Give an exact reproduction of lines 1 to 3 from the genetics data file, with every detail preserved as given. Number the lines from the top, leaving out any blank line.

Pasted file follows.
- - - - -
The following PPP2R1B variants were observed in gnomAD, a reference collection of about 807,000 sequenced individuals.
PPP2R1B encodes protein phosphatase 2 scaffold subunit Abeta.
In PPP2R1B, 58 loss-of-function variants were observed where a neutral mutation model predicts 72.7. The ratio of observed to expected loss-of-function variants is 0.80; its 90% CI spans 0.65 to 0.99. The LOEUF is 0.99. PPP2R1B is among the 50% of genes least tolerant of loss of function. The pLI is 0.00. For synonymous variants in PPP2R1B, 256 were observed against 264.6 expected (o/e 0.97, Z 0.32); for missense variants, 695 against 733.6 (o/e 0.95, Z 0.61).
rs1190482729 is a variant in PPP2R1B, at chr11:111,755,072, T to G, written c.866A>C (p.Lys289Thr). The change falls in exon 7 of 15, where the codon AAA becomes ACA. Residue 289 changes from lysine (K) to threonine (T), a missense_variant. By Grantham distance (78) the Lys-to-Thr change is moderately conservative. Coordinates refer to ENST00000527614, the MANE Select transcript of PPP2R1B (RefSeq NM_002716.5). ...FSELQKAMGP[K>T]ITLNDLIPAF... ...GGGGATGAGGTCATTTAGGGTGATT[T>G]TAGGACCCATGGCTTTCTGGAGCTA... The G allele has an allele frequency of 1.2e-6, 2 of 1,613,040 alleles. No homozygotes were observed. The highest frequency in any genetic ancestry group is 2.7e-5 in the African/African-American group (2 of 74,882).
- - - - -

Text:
The following PPP2R1B variants were observed in gnomAD, a reference collection of about 807,000 sequenced individuals.
PPP2R1B encodes protein phosphatase 2 scaffold subunit Abeta.
In PPP2R1B, 58 loss-of-function variants were observed where a neutral mutation model predicts 72.7. The ratio of observed to expected loss-of-function variants is 0.80; its 90% CI spans 0.65 to 0.99. The LOEUF is 0.99. PPP2R1B is among the 50% of genes least tolerant of loss of function. The pLI is 0.00. For synonymous variants in PPP2R1B, 256 were observed against 264.6 expected (o/e 0.97, Z 0.32); for missense variants, 695 against 733.6 (o/e 0.95, Z 0.61).